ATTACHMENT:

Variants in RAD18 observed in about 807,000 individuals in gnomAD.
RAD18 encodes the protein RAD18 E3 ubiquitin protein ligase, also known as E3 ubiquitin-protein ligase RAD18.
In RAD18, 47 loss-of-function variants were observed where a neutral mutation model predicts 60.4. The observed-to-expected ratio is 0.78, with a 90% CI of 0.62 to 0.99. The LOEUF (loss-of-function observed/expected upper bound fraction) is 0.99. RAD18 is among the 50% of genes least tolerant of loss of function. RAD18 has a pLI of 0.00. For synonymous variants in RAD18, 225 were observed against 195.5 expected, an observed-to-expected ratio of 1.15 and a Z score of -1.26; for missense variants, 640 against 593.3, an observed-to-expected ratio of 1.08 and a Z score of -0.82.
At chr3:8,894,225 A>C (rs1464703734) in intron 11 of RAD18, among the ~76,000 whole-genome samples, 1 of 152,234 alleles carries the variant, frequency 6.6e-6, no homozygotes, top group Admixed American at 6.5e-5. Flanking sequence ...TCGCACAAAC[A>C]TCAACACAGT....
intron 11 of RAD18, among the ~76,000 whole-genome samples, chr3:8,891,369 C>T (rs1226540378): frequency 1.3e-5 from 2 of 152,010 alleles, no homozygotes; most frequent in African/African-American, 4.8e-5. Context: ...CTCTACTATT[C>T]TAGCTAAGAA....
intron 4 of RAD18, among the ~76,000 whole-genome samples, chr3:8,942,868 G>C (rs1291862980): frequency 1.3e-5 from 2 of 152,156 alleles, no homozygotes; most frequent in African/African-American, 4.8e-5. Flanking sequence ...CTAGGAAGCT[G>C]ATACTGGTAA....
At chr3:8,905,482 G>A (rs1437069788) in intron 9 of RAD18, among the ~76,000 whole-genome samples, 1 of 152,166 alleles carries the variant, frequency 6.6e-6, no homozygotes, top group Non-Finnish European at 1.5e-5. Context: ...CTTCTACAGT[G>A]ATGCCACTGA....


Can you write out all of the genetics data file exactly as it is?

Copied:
Variants in RAD18 observed in about 807,000 individuals in gnomAD.
RAD18 encodes the protein RAD18 E3 ubiquitin protein ligase, also known as E3 ubiquitin-protein ligase RAD18.
In RAD18, 47 loss-of-function variants were observed where a neutral mutation model predicts 60.4. The observed-to-expected ratio is 0.78, with a 90% CI of 0.62 to 0.99. The LOEUF (loss-of-function observed/expected upper bound fraction) is 0.99. RAD18 is among the 50% of genes least tolerant of loss of function. RAD18 has a pLI of 0.00. For synonymous variants in RAD18, 225 were observed against 195.5 expected, an observed-to-expected ratio of 1.15 and a Z score of -1.26; for missense variants, 640 against 593.3, an observed-to-expected ratio of 1.08 and a Z score of -0.82.
At chr3:8,894,225 A>C (rs1464703734) in intron 11 of RAD18, among the ~76,000 whole-genome samples, 1 of 152,234 alleles carries the variant, frequency 6.6e-6, no homozygotes, top group Admixed American at 6.5e-5. Flanking sequence ...TCGCACAAAC[A>C]TCAACACAGT....
intron 11 of RAD18, among the ~76,000 whole-genome samples, chr3:8,891,369 C>T (rs1226540378): frequency 1.3e-5 from 2 of 152,010 alleles, no homozygotes; most frequent in African/African-American, 4.8e-5. Context: ...CTCTACTATT[C>T]TAGCTAAGAA....
intron 4 of RAD18, among the ~76,000 whole-genome samples, chr3:8,942,868 G>C (rs1291862980): frequency 1.3e-5 from 2 of 152,156 alleles, no homozygotes; most frequent in African/African-American, 4.8e-5. Flanking sequence ...CTAGGAAGCT[G>C]ATACTGGTAA....
At chr3:8,905,482 G>A (rs1437069788) in intron 9 of RAD18, among the ~76,000 whole-genome samples, 1 of 152,166 alleles carries the variant, frequency 6.6e-6, no homozygotes, top group Non-Finnish European at 1.5e-5. Context: ...CTTCTACAGT[G>A]ATGCCACTGA....